15 Fiddlers follower, in verse : … THREE

Old King Cole was a merry old soul
And a merry old soul was he;
He called for his pipe, and he called for his bowl
And he called for his fiddlers three.
Every fiddler he had a fiddle,
And a very fine fiddle had he;
Oh there’s none so rare, as can compare
With King Cole and his fiddlers three.

16 Soft drink opener? : COCA-

The exact formula for Coca-Cola is a trade secret. The secret recipe is locked in a vault. That vault is on public display in the World of Coca-Cola museum in Atlanta, Georgia.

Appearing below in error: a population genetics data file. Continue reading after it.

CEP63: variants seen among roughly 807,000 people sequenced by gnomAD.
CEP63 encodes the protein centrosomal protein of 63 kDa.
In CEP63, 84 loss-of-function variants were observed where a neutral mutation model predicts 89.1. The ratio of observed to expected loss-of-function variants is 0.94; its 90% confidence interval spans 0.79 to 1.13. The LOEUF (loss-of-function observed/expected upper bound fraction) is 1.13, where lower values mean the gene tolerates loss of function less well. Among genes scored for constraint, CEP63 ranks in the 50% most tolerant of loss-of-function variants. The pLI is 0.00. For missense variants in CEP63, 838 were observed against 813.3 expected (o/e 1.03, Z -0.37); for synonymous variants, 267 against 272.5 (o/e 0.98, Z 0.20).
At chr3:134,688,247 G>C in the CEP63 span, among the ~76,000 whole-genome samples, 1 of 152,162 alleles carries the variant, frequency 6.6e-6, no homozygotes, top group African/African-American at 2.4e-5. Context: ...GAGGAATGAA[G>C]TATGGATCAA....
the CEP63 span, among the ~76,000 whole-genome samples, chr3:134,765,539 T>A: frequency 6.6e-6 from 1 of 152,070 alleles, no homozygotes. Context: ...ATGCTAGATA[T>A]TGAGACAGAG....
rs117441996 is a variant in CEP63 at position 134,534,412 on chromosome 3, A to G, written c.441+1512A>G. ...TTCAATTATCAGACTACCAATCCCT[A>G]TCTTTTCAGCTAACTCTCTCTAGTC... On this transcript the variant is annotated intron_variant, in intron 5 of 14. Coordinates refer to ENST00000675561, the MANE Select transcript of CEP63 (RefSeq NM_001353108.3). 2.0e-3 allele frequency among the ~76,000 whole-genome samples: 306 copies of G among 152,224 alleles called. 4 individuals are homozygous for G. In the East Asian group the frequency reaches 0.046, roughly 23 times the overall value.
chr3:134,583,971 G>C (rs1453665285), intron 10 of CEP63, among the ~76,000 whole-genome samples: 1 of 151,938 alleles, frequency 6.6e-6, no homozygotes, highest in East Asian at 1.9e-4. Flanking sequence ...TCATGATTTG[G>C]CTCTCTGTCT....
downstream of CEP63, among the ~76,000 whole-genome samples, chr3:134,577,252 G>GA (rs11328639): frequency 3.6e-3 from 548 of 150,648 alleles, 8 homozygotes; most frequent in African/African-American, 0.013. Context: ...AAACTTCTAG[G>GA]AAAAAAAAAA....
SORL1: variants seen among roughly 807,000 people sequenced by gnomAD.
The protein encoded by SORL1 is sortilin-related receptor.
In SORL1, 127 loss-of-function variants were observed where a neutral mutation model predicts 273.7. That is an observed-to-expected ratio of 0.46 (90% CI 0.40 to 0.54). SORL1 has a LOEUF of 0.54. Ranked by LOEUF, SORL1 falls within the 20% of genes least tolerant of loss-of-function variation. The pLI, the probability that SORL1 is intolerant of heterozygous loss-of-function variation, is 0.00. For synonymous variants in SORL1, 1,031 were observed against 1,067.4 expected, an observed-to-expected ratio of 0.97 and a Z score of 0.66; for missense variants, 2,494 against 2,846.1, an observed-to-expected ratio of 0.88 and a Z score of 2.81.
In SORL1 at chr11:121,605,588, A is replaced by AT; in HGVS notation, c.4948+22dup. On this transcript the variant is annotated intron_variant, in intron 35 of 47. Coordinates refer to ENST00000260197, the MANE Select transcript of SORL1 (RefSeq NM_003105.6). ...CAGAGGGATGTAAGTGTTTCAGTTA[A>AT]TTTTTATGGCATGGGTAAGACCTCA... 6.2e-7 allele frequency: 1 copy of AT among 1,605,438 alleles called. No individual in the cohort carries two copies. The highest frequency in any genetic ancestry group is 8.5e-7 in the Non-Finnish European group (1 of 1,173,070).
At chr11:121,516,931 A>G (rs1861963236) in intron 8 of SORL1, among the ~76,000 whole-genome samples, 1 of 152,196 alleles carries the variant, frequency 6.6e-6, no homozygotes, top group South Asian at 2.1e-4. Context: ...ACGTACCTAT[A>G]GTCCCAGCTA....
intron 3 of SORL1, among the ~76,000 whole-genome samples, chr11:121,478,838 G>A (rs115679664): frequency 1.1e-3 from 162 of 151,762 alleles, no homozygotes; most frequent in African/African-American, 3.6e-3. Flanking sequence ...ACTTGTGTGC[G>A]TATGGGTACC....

18 Flight maintenance word : DEICE

Deicing is the process of removing snow and ice from a surface. Deicing is particularly important for aircraft operating in freezing conditions. Ice on the surface of a plane can change its aerodynamics, and dislodged ice can cause damage to engines.

19 Worldwide: Abbr. : INTL

International (intl.)

22 Toucan’s pride : BEAK

The toucan is a brightly-marked bird with a large, colorful bill. The name “toucan” comes into English via Portuguese from the Tupi name “tukana”. The Tupi were an indigenous people of Brazil.

23 I.M. Pei alma mater : MIT

Massachusetts Institute of Technology (MIT)

I. M. Pei (full name: Ieoh Ming Pei) was an exceptional American architect who was born in China. Of Pei’s many wonderful works, my favorite is the renovation of the Louvre in Paris, and especially the Glass Pyramid in the museum’s courtyard.

26 Word with board or mentioned : ABOVE